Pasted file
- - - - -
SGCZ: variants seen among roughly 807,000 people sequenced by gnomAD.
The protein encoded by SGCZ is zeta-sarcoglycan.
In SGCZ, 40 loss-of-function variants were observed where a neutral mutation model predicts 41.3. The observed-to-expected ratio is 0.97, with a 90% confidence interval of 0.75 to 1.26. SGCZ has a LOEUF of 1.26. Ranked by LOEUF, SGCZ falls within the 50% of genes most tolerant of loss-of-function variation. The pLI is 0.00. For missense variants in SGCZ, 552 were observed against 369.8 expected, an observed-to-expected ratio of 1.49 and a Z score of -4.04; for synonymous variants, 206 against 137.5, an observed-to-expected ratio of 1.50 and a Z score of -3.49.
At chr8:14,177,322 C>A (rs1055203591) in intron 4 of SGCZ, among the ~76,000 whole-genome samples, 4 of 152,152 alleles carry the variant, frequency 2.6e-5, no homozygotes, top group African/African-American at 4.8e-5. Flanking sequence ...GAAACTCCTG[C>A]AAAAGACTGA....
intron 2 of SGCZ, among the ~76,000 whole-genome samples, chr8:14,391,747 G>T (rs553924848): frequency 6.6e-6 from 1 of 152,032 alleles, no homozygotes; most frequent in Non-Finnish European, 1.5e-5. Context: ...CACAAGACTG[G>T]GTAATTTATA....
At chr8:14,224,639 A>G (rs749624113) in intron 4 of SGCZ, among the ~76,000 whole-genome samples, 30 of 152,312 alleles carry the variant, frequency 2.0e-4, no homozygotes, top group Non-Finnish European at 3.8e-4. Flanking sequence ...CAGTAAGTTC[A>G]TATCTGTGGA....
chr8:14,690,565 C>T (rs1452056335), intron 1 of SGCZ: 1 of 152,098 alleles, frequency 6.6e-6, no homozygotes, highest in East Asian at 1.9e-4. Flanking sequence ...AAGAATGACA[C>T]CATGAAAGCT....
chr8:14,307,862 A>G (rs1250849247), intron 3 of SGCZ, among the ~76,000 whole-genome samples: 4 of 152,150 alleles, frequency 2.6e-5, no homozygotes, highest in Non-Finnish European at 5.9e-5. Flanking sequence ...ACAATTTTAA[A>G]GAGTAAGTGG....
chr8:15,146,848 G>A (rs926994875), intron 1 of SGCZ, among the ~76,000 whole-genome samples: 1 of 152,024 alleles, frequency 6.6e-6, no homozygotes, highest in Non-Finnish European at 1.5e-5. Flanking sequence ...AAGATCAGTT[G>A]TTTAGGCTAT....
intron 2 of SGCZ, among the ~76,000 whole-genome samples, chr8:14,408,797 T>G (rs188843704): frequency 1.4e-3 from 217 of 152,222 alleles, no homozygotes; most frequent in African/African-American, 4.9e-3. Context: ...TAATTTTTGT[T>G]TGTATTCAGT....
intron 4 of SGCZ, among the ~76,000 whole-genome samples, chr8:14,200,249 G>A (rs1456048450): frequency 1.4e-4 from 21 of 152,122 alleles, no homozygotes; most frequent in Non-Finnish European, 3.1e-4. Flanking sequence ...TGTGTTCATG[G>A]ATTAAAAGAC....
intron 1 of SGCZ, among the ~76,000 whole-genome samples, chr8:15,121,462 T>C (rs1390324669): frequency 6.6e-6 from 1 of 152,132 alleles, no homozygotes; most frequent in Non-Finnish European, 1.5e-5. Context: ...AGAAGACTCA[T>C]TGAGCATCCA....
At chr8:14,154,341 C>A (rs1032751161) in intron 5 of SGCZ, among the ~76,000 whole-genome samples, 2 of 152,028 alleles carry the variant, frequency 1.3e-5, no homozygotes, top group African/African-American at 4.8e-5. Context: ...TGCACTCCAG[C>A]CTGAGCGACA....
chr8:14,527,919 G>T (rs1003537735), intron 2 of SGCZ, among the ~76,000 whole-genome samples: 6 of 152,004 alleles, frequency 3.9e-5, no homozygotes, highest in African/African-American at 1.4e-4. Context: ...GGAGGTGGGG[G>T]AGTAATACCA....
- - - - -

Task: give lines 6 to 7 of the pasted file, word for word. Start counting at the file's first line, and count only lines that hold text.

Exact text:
At chr8:14,224,639 A>G (rs749624113) in intron 4 of SGCZ, among the ~76,000 whole-genome samples, 30 of 152,312 alleles carry the variant, frequency 2.0e-4, no homozygotes, top group Non-Finnish European at 3.8e-4. Flanking sequence ...CAGTAAGTTC[A>G]TATCTGTGGA....
chr8:14,690,565 C>T (rs1452056335), intron 1 of SGCZ: 1 of 152,098 alleles, frequency 6.6e-6, no homozygotes, highest in East Asian at 1.9e-4. Flanking sequence ...AAGAATGACA[C>T]CATGAAAGCT....